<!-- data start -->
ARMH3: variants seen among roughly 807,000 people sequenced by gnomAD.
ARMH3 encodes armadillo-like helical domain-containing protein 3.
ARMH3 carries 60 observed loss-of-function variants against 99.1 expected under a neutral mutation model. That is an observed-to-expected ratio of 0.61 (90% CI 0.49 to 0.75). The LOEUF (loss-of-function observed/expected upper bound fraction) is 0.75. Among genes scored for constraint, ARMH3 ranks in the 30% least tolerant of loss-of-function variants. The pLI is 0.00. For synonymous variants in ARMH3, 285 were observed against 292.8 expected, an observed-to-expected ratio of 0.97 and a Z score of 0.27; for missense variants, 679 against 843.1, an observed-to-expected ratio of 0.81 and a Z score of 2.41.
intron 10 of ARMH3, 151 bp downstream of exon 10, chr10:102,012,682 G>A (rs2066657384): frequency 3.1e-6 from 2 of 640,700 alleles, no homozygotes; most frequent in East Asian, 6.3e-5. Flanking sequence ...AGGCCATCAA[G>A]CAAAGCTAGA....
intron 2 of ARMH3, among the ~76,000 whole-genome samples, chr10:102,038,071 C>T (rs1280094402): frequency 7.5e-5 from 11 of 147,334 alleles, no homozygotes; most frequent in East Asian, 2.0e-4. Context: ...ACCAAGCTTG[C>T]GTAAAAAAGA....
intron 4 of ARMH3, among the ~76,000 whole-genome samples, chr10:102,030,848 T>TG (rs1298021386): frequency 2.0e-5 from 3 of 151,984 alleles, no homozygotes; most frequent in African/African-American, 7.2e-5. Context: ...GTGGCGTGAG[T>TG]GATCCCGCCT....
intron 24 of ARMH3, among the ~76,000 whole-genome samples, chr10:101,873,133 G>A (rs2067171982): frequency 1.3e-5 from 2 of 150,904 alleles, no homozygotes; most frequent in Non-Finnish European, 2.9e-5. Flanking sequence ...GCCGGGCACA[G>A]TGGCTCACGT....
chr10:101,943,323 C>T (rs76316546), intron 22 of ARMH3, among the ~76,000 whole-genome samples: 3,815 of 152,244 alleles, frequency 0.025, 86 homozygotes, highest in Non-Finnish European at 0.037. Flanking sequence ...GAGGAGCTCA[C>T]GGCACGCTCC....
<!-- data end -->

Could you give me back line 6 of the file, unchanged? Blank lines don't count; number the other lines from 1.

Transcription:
intron 4 of ARMH3, among the ~76,000 whole-genome samples, chr10:102,030,848 T>TG (rs1298021386): frequency 2.0e-5 from 3 of 151,984 alleles, no homozygotes; most frequent in African/African-American, 7.2e-5. Context: ...GTGGCGTGAG[T>TG]GATCCCGCCT....